Of that, 86% ends up in landfills, 4% is burned, a dismal 9% is recycled — so much for all those years of faithful blue box recycling — and about 1%, or 29,000 tonnes, is discharged into the environment as litter, with 2,500 tonnes ending up in oceans, lakes and rivers.

Since only about 1% of Canada’s physical plastic waste escapes into the environment, Canada is not a major contributor to the global problem of plastics pollution in the world’s oceans, rivers and other waterways.

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As Kenneth Green, director of natural resource studies for the Fraser Institute, puts it:

“Canada’s contribution to global aquatic plastic pollution, when assessed in 2016, was between 0.02% and 0.03% of the global total. If observed market trends were to continue in the absence of ZPW2030 (zero plastic waste by 2030) the government’s regulatory impact assessment estimates plastic waste and plastic pollution could increase (from 2016 levels) by roughly one third by 2030.

“Thus, if ZPW2030 eliminated all the predicted increase, it would prevent an increase from 0.02%-0.03% to 0.023%-0.033% of the global total, an undetectable reduction of three-thousandths of one percent.”

A scavenger collects plastic waste for recycling on the Citarum river choked with garbage and industrial waste, in Bandung, West Java. GETTY IMAGES
A scavenger collects plastic waste for recycling on the Citarum river choked with garbage and industrial waste, in Bandung, West Java. GETTY IMAGES

On the other hand, Canada exported 100,000 tonnes of plastic waste to other countries in 2018 (and four million tonnes over the past three decades), ostensibly for environmentally responsible waste disposal but in the real world, often using third-world countries as dumping grounds for plastics, with a far greater chance of it ending up in the world’s oceans, lakes and rivers.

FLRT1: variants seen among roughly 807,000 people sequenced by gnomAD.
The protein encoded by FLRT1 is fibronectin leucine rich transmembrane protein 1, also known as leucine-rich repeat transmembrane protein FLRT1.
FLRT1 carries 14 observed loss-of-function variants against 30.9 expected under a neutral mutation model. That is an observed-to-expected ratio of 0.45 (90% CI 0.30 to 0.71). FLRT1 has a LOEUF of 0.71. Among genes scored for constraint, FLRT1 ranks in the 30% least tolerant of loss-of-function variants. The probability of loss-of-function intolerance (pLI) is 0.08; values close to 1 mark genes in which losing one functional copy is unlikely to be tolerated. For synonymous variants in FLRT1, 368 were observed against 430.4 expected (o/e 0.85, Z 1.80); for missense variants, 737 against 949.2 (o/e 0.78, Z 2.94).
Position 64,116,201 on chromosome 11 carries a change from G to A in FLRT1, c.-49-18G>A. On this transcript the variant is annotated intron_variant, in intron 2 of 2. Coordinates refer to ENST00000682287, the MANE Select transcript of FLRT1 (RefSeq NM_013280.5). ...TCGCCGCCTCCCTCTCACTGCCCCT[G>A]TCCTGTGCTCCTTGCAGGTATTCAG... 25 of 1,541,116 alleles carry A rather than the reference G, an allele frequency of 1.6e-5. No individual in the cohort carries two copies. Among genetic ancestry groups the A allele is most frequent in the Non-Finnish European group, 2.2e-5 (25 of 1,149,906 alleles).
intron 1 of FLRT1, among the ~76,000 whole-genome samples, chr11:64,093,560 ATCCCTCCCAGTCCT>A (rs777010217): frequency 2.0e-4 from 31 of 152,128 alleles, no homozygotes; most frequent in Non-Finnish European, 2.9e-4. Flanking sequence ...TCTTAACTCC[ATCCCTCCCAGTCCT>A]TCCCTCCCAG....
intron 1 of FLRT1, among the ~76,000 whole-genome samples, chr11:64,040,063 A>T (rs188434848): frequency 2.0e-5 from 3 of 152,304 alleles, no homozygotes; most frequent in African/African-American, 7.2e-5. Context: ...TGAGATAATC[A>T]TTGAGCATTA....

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That’s not counting plastic waste illegally dumped by some companies in other countries, often mislabelled as recyclable material.

Some of those countries have started shipping our unwanted waste back to Canada.

FILE PHOTO: The ship Anna Maersk is docked at Roberts Bank port carrying 69 containers of mostly paper and plastic waste returned by the Philippines in Vancouver, British Columbia, Canada June 29, 2019.
FILE PHOTO: The ship Anna Maersk is docked at Roberts Bank port carrying 69 containers of mostly paper and plastic waste returned by the Philippines in Vancouver, British Columbia, Canada June 29, 2019. Photo by Jason Redmond /REUTERS

Based on those numbers, putting an end to these practices would appear to be a more effective way for Canada to do its part in tackling global marine plastic pollution than banning single use plastics.

Canada’s plastic manufacturers are challenging the Trudeau government’s ban on single use plastics in court, as well as its legal definition of plastics as “toxic,” plus warning the policy will lead to job losses. The government says more jobs will be created.

As for replacing single use plastics in practical terms, the government has helpfully suggested, among other things, that the food industry provide customers with more options people can eat with their hands.